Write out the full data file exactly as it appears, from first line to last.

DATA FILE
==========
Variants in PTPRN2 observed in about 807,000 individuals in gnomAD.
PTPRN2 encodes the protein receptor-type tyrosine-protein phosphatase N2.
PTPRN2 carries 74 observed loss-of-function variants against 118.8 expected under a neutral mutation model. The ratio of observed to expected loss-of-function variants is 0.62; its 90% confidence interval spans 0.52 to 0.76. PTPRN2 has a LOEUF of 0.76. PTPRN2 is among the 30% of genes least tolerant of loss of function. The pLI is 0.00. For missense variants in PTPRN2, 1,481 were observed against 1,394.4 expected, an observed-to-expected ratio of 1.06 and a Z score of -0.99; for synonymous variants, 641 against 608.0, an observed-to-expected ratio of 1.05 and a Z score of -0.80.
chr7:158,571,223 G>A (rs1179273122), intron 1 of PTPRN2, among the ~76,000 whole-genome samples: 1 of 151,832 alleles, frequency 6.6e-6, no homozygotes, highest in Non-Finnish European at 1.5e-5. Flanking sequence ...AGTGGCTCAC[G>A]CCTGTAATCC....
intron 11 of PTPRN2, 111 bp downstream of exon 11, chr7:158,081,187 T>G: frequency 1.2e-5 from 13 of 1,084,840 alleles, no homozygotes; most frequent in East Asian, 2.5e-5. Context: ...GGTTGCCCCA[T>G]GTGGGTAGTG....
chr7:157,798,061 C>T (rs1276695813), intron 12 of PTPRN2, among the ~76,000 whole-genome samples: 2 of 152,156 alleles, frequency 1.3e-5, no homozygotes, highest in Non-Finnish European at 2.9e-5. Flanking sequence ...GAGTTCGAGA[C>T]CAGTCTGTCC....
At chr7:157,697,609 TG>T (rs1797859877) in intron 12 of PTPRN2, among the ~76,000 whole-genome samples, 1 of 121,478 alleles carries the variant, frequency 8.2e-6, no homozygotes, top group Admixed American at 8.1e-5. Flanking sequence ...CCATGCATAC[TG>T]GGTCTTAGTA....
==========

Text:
Variants in PTPRN2 observed in about 807,000 individuals in gnomAD.
PTPRN2 encodes the protein receptor-type tyrosine-protein phosphatase N2.
PTPRN2 carries 74 observed loss-of-function variants against 118.8 expected under a neutral mutation model. The ratio of observed to expected loss-of-function variants is 0.62; its 90% confidence interval spans 0.52 to 0.76. PTPRN2 has a LOEUF of 0.76. PTPRN2 is among the 30% of genes least tolerant of loss of function. The pLI is 0.00. For missense variants in PTPRN2, 1,481 were observed against 1,394.4 expected, an observed-to-expected ratio of 1.06 and a Z score of -0.99; for synonymous variants, 641 against 608.0, an observed-to-expected ratio of 1.05 and a Z score of -0.80.
chr7:158,571,223 G>A (rs1179273122), intron 1 of PTPRN2, among the ~76,000 whole-genome samples: 1 of 151,832 alleles, frequency 6.6e-6, no homozygotes, highest in Non-Finnish European at 1.5e-5. Flanking sequence ...AGTGGCTCAC[G>A]CCTGTAATCC....
intron 11 of PTPRN2, 111 bp downstream of exon 11, chr7:158,081,187 T>G: frequency 1.2e-5 from 13 of 1,084,840 alleles, no homozygotes; most frequent in East Asian, 2.5e-5. Context: ...GGTTGCCCCA[T>G]GTGGGTAGTG....
chr7:157,798,061 C>T (rs1276695813), intron 12 of PTPRN2, among the ~76,000 whole-genome samples: 2 of 152,156 alleles, frequency 1.3e-5, no homozygotes, highest in Non-Finnish European at 2.9e-5. Flanking sequence ...GAGTTCGAGA[C>T]CAGTCTGTCC....
At chr7:157,697,609 TG>T (rs1797859877) in intron 12 of PTPRN2, among the ~76,000 whole-genome samples, 1 of 121,478 alleles carries the variant, frequency 8.2e-6, no homozygotes, top group Admixed American at 8.1e-5. Flanking sequence ...CCATGCATAC[TG>T]GGTCTTAGTA....